Sergio Garcia's hopes drowned at 17
Spaniard took positive steps, but bad finish and feud with Tiger weren't good
PONTE VEDRA BEACH, Fla. -- Late on Sunday afternoon if you were watching The Players Championship at TPC Sawgrass, it was easy to envision the feud between Tiger Woods and Sergio Garcia being settled in a playoff.
You didn't need Bob Arum or Don King to promote the fight. Garcia and Woods had already done their own bidding in a war of words over the weekend that would have pleased Muhammad Ali, Joe Frazier and Floyd Mayweather, Jr.
After finishing their third round on Sunday morning in a three-way tie for the lead with David Lingmerth, Garcia was more candid about his feelings toward Tiger than perhaps any player has ever been about the 14-time major champion.
"I'm not going to lie," said the 33-year-old Spaniard. "[Tiger] is not my favorite guy to play with. He's not the nicest guy on tour."
On Sunday afternoon in the final round, Tiger played in the group in front of Sergio. By the late evening, a head-to-head meeting between them seemed imminent.
Then Sergio, tied with Tiger at 13-under, hit two balls into the water at the 17th hole, ending whatever hope there was for a final confrontation between the two combatants.
It was a sad coda on the week for Sergio. Had he been able to hit that island green on his first try and make it into a playoff with Tiger and beat him, it would have been a big psychological victory and momentum boost to carry into the remainder of the season and perhaps the rest of his career.
Instead, he leaves Sawgrass a wounded man who lost six shots in his last two holes on Sunday.
Yet Garcia was gracious about his ruin at 17.
"That hole has been good to me for the most part, " said Garcia, who won the 2008 Players in a playoff on the 17th against Paul Goydos. "Today it wasn't. That's the way it is. That's the kind of hole it is. You've got to love it for what it is."
Looking a little stunned at how the last half hour of his round had unfolded, Garcia also said that he wasn't particularly disappointed about not beating Tiger.
"I always said, you want to win every tournament you play in," he said. "And you want to beat everybody in that field. And if [Tiger] is in that field, obviously you want to beat him.
"It's always nice to have a chance at beating the No. 1 player in the world, but unfortunately for me I wasn't able to this week."
This is a very humbling set of events for such a proud man. Sure, Garcia is not the first person to come to 17 at The Players and see his hopes of winning die in the water surrounding the island green. Earlier that afternoon, Jeff Maggert made a double-bogey at the hole after finding the water with his tee shot to end his chances of winning his first event since 2006.
Sergio will get over those water balls and the 76 on Sunday and continue to have success at Sawgrass. But it could be a long time before he gains peace over his skirmish with Tiger.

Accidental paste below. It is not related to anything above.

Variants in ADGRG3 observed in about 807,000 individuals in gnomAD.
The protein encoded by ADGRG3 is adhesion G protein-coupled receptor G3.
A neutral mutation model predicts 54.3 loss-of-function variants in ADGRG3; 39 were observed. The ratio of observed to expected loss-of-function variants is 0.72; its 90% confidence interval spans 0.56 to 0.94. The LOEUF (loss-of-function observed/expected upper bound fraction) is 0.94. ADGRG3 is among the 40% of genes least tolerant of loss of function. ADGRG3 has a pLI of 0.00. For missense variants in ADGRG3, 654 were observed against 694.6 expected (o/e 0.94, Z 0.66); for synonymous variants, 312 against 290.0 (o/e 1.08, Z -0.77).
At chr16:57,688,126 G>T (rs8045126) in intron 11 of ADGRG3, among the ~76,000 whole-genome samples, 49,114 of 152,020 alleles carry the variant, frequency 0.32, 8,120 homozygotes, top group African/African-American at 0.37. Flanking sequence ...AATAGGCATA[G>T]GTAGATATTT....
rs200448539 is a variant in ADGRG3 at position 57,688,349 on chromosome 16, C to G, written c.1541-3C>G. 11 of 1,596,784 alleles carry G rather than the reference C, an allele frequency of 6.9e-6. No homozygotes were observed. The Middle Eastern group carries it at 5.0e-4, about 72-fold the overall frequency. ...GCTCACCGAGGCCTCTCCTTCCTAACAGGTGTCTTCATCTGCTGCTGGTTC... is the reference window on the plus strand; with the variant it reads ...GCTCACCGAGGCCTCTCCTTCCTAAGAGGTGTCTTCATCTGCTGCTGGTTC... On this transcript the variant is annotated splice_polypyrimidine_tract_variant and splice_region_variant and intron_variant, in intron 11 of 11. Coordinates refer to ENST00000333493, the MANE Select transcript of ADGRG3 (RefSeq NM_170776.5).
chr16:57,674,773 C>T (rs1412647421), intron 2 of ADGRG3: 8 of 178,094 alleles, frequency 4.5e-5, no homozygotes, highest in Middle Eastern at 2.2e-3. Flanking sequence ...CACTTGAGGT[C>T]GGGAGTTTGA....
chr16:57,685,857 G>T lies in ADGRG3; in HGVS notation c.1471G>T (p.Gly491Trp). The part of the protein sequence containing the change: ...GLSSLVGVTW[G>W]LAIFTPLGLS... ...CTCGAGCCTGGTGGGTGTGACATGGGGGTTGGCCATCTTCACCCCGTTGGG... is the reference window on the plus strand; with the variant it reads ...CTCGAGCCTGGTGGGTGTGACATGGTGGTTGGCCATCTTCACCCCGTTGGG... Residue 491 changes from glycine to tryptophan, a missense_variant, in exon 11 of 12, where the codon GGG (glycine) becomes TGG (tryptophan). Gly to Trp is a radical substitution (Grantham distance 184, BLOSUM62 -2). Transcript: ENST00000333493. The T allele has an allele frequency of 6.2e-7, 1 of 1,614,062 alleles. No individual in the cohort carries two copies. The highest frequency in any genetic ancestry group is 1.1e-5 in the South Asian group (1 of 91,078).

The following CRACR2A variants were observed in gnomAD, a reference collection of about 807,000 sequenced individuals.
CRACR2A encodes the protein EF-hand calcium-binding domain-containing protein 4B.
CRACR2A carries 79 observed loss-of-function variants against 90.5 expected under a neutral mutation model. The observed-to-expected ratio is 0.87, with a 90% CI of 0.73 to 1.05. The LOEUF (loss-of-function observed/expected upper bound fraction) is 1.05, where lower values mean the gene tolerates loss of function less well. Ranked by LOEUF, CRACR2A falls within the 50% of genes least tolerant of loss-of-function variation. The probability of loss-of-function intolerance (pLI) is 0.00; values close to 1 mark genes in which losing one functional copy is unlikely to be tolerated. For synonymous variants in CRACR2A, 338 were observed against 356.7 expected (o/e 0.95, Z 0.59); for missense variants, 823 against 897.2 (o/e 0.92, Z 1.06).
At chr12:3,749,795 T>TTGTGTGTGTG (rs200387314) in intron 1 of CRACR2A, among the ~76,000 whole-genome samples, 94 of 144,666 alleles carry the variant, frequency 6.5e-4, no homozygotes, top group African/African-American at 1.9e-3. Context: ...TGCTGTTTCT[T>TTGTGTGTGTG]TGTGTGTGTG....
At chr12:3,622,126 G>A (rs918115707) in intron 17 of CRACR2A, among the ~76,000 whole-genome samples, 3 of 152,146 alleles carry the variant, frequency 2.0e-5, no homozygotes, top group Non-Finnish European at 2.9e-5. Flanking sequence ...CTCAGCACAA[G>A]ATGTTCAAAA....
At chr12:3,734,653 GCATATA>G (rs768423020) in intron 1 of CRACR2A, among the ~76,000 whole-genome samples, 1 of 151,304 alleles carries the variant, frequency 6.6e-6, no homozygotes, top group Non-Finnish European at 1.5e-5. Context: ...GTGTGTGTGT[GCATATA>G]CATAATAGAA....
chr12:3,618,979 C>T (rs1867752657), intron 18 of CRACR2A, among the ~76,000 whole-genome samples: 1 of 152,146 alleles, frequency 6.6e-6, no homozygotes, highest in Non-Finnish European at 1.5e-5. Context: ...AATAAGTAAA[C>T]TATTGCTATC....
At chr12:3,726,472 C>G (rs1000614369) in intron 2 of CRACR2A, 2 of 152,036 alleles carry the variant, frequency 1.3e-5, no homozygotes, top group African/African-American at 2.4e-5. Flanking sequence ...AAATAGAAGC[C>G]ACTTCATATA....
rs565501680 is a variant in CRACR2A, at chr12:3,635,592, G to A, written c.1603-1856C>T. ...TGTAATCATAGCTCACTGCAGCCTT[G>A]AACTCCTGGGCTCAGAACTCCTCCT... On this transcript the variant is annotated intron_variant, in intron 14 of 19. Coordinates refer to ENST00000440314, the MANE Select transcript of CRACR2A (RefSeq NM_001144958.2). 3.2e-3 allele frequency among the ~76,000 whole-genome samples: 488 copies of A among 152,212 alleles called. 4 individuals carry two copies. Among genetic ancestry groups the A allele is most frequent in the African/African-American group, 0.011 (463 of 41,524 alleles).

Nothing hurts like seeing your bitter enemy have success. It might have made the disappointment of not winning easier for Garcia had someone other than Tiger won the tournament.
Sergio says he wants to beat Tiger. After their head-to-head in the third round, Tiger now leads 13-3-4 in the 20 times they have played together, winning nine of those times in 13 tournaments.
Tiger has a spectacular head-to-head record against most players in the game. So Sergio shouldn't feel like his career has been a failure because he couldn't consistently beat one of the best players in the world.
What can he learn from this experience that could help him the next time he faces Tiger in a tournament? If he continues to play well, it's likely he will meet his nemesis later in the year in one of the majors.
For starters, he needs to continue on the solid upward trajectory that he's shown with his game through the season. The Players marks his fourth top 10 finish of the year, which includes a tie for eighth at the Masters. He battled this week through some major distractions to stay near the top of the leaderboard for 70 holes against one of golf's deepest fields.
His putting, which has long been his Achilles' heel, now complements his stellar ball-striking and accurate driving.
Sergio has everything in his arsenal to win a major championship, except the will to take complete responsibility for his actions.
On Sunday afternoon, he said that he had no regrets about anything that had happened relating to Tiger.
"It sounds like I was the bad guy here, " he said. "I was the victim."
But he wouldn't call the feud with Tiger a major factor in the outcome of his week.
"That happened one hole, and obviously everybody saw what happened and that's it," he said. "It really distracted me at that time, then after that you kind of move on and you try to figure things out."
With his win at The Players, Tiger has now won four times in 2013. He is the standard-bearer that he's always been. Everybody on tour that aims for excellence could take a lesson from Tiger's single-minded pursuit of winning golf tournaments.
On Sunday afternoon after hoisting his second Players trophy, Tiger refused to talk about his squabble with Sergio. He chose to focus instead on what he had done to win the tournament. The fight was an afterthought, and that's if it ever garnered much of his attention in the first place.
But it still lingered with Sergio. How fast he dispenses with these demons could determine his future in major championship golf.
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